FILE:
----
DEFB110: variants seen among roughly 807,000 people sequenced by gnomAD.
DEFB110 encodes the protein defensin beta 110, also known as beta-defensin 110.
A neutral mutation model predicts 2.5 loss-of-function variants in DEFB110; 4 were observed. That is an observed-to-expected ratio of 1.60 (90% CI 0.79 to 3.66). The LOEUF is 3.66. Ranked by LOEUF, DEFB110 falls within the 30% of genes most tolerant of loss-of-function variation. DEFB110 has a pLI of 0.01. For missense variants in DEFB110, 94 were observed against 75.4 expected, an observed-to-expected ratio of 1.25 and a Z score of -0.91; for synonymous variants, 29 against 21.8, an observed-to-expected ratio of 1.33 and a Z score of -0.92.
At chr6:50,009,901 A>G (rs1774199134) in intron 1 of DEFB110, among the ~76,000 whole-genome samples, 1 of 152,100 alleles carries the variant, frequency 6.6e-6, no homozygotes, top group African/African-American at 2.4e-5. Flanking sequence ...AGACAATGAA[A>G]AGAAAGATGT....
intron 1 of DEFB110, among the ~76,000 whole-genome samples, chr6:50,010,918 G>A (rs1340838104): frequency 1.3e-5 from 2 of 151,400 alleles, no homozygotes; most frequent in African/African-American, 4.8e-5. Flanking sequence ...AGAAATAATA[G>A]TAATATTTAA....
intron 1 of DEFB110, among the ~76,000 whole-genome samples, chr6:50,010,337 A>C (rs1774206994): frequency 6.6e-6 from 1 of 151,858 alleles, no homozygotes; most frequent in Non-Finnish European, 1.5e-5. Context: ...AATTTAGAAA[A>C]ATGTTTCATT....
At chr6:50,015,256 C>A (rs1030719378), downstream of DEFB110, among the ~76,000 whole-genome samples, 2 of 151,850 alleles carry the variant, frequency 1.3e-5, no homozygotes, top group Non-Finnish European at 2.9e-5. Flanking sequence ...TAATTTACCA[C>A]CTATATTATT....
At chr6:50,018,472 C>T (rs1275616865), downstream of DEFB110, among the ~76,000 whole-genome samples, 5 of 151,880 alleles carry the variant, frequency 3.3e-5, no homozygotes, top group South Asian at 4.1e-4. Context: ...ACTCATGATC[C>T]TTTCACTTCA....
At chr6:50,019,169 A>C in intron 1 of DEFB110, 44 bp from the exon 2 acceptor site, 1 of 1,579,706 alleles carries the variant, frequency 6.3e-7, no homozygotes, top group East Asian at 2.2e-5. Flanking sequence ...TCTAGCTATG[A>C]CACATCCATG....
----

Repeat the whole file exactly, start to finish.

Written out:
DEFB110: variants seen among roughly 807,000 people sequenced by gnomAD.
DEFB110 encodes the protein defensin beta 110, also known as beta-defensin 110.
A neutral mutation model predicts 2.5 loss-of-function variants in DEFB110; 4 were observed. That is an observed-to-expected ratio of 1.60 (90% CI 0.79 to 3.66). The LOEUF is 3.66. Ranked by LOEUF, DEFB110 falls within the 30% of genes most tolerant of loss-of-function variation. DEFB110 has a pLI of 0.01. For missense variants in DEFB110, 94 were observed against 75.4 expected, an observed-to-expected ratio of 1.25 and a Z score of -0.91; for synonymous variants, 29 against 21.8, an observed-to-expected ratio of 1.33 and a Z score of -0.92.
At chr6:50,009,901 A>G (rs1774199134) in intron 1 of DEFB110, among the ~76,000 whole-genome samples, 1 of 152,100 alleles carries the variant, frequency 6.6e-6, no homozygotes, top group African/African-American at 2.4e-5. Flanking sequence ...AGACAATGAA[A>G]AGAAAGATGT....
intron 1 of DEFB110, among the ~76,000 whole-genome samples, chr6:50,010,918 G>A (rs1340838104): frequency 1.3e-5 from 2 of 151,400 alleles, no homozygotes; most frequent in African/African-American, 4.8e-5. Flanking sequence ...AGAAATAATA[G>A]TAATATTTAA....
intron 1 of DEFB110, among the ~76,000 whole-genome samples, chr6:50,010,337 A>C (rs1774206994): frequency 6.6e-6 from 1 of 151,858 alleles, no homozygotes; most frequent in Non-Finnish European, 1.5e-5. Context: ...AATTTAGAAA[A>C]ATGTTTCATT....
At chr6:50,015,256 C>A (rs1030719378), downstream of DEFB110, among the ~76,000 whole-genome samples, 2 of 151,850 alleles carry the variant, frequency 1.3e-5, no homozygotes, top group Non-Finnish European at 2.9e-5. Flanking sequence ...TAATTTACCA[C>A]CTATATTATT....
At chr6:50,018,472 C>T (rs1275616865), downstream of DEFB110, among the ~76,000 whole-genome samples, 5 of 151,880 alleles carry the variant, frequency 3.3e-5, no homozygotes, top group South Asian at 4.1e-4. Context: ...ACTCATGATC[C>T]TTTCACTTCA....
At chr6:50,019,169 A>C in intron 1 of DEFB110, 44 bp from the exon 2 acceptor site, 1 of 1,579,706 alleles carries the variant, frequency 6.3e-7, no homozygotes, top group East Asian at 2.2e-5. Flanking sequence ...TCTAGCTATG[A>C]CACATCCATG....